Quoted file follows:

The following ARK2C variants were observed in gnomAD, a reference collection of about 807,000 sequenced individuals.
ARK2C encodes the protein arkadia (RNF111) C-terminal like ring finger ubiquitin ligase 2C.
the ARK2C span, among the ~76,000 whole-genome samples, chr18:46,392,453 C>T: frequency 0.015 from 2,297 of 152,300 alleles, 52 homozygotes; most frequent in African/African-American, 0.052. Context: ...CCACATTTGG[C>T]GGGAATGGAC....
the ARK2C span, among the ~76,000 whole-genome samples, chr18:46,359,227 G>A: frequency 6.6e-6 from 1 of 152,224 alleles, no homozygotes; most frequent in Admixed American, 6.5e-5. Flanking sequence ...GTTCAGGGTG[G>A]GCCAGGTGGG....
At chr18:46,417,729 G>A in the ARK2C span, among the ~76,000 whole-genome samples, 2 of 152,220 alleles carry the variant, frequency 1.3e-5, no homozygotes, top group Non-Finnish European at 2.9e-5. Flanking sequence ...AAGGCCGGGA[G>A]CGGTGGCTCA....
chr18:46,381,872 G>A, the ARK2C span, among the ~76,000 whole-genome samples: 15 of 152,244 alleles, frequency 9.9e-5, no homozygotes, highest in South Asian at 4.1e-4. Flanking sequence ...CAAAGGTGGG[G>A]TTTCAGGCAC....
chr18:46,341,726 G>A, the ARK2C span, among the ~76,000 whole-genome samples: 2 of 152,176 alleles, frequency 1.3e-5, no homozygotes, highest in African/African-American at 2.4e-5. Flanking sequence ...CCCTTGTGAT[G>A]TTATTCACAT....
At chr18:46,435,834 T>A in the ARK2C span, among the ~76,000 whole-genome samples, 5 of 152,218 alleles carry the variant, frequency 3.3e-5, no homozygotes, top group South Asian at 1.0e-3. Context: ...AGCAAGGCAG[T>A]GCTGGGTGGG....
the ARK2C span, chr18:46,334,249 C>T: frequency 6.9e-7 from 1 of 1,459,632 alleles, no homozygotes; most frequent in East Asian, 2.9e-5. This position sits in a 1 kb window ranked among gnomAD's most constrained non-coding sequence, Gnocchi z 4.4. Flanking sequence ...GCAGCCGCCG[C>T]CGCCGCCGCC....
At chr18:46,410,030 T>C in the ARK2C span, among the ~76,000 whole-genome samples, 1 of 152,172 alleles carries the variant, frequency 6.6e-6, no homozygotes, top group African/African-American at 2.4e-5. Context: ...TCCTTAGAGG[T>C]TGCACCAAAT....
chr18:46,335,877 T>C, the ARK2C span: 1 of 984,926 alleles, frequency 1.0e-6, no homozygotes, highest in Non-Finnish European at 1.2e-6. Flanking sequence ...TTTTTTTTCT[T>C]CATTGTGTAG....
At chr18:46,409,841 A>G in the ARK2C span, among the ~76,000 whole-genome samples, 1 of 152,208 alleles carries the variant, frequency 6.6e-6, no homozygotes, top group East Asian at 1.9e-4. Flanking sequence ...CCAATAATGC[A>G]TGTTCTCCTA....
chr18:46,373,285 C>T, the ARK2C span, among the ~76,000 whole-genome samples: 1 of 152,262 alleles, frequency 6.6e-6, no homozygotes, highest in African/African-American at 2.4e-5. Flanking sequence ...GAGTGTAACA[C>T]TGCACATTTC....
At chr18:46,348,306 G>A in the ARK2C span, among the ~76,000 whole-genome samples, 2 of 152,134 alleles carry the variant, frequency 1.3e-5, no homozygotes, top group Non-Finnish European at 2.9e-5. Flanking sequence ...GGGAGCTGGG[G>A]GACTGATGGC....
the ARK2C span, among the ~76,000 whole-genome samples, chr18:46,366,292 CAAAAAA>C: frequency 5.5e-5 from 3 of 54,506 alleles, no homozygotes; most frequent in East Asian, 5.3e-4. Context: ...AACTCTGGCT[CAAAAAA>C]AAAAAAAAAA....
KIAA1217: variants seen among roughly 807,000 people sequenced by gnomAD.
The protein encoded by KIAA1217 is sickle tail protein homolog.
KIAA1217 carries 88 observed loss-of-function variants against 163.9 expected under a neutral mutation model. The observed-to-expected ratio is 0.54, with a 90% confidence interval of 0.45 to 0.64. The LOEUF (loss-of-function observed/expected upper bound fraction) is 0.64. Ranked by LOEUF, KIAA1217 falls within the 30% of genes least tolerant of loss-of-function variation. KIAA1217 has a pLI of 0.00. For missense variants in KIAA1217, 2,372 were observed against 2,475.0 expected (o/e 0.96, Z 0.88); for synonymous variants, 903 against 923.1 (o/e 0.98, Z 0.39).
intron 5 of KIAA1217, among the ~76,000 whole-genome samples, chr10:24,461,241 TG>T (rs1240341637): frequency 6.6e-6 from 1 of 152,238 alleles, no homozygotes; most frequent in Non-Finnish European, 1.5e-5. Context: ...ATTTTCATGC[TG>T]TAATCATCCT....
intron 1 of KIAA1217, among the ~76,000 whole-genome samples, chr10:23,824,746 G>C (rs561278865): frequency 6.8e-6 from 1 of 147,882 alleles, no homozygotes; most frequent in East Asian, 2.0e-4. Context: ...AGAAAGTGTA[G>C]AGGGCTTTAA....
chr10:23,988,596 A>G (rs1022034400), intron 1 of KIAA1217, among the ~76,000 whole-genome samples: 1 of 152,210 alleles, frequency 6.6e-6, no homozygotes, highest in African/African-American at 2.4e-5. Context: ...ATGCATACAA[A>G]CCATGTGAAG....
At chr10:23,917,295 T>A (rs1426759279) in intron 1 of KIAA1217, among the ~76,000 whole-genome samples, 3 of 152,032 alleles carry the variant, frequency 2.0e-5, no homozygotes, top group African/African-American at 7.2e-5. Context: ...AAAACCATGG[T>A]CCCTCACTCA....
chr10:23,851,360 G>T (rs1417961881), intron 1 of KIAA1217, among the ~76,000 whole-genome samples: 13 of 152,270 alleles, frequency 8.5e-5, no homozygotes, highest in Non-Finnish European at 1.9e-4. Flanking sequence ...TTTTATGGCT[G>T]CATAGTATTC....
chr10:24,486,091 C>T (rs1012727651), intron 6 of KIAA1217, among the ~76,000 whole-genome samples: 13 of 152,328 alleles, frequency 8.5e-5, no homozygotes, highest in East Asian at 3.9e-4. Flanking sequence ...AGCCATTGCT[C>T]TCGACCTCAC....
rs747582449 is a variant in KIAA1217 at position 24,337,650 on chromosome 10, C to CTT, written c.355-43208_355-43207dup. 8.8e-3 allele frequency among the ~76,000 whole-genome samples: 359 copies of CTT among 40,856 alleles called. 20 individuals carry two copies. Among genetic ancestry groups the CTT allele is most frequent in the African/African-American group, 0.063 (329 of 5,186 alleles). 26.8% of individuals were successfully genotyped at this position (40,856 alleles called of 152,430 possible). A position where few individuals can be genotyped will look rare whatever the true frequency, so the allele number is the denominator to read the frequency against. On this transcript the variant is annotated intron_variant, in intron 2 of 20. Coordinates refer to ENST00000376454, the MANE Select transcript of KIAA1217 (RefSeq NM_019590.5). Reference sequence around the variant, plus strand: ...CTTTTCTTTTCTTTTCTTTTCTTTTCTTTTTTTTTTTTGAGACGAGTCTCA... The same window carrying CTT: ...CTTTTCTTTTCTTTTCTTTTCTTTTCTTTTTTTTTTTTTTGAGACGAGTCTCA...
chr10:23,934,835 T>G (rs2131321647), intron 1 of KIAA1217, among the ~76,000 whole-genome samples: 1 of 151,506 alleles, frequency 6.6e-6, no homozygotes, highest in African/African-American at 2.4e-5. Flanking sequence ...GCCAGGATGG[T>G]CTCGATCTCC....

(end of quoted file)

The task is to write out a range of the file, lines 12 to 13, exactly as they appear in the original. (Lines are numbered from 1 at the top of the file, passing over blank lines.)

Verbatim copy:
At chr18:46,409,841 A>G in the ARK2C span, among the ~76,000 whole-genome samples, 1 of 152,208 alleles carries the variant, frequency 6.6e-6, no homozygotes, top group East Asian at 1.9e-4. Flanking sequence ...CCAATAATGC[A>G]TGTTCTCCTA....
chr18:46,373,285 C>T, the ARK2C span, among the ~76,000 whole-genome samples: 1 of 152,262 alleles, frequency 6.6e-6, no homozygotes, highest in African/African-American at 2.4e-5. Flanking sequence ...GAGTGTAACA[C>T]TGCACATTTC....